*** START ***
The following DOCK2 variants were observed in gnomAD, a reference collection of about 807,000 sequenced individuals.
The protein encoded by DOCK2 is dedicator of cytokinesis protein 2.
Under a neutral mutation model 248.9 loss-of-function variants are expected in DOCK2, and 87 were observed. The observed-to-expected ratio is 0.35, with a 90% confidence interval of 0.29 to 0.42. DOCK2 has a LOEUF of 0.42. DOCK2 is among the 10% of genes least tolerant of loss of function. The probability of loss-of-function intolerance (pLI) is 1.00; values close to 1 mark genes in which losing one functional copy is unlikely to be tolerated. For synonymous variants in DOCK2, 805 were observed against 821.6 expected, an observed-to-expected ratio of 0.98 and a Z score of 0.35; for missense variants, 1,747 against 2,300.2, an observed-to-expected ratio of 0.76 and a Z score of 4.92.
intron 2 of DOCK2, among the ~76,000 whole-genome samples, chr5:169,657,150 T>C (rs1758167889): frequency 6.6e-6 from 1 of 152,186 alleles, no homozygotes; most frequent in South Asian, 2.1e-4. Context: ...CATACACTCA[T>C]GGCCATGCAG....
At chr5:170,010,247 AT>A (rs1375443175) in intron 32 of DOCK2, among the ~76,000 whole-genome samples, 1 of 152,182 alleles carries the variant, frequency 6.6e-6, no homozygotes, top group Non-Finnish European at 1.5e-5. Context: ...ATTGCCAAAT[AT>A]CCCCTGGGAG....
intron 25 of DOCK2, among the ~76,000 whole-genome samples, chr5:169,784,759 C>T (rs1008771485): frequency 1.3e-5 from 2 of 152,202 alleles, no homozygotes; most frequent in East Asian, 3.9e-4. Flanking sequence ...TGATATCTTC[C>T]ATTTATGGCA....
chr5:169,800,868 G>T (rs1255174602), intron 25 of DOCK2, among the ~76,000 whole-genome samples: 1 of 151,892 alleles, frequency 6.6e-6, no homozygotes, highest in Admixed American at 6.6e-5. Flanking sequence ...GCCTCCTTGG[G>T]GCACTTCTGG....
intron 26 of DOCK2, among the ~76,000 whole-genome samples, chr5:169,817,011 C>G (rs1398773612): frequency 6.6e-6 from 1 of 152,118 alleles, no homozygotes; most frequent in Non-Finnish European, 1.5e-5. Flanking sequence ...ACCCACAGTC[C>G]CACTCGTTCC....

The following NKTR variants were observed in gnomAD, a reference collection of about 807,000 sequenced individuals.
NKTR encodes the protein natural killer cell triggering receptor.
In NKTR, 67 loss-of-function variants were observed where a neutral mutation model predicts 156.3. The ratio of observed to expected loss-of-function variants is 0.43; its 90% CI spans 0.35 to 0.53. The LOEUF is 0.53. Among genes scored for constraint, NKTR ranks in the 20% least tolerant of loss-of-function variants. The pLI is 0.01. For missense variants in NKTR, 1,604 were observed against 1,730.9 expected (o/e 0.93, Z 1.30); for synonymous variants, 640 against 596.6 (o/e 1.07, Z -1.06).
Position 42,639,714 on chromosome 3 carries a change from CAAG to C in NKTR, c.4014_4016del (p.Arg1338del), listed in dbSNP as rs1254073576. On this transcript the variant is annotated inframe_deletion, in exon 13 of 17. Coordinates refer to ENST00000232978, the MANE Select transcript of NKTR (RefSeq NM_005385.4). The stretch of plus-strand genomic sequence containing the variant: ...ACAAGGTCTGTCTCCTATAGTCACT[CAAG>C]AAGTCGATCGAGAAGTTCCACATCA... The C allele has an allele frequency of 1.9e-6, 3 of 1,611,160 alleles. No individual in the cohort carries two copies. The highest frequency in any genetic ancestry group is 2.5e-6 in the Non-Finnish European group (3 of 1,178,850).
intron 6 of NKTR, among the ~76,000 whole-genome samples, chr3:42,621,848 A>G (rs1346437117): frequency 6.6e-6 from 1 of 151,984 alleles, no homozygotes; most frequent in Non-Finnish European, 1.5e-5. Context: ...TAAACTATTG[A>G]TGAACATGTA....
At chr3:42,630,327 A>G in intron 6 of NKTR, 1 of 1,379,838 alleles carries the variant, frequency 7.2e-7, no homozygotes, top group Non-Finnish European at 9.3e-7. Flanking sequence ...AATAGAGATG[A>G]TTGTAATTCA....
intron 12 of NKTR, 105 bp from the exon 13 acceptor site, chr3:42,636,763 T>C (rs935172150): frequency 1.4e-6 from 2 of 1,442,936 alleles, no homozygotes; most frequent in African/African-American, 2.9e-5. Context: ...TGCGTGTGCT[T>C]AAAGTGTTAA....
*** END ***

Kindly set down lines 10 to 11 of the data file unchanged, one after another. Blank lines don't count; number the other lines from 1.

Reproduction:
NKTR encodes the protein natural killer cell triggering receptor.
In NKTR, 67 loss-of-function variants were observed where a neutral mutation model predicts 156.3. The ratio of observed to expected loss-of-function variants is 0.43; its 90% CI spans 0.35 to 0.53. The LOEUF is 0.53. Among genes scored for constraint, NKTR ranks in the 20% least tolerant of loss-of-function variants. The pLI is 0.01. For missense variants in NKTR, 1,604 were observed against 1,730.9 expected (o/e 0.93, Z 1.30); for synonymous variants, 640 against 596.6 (o/e 1.07, Z -1.06).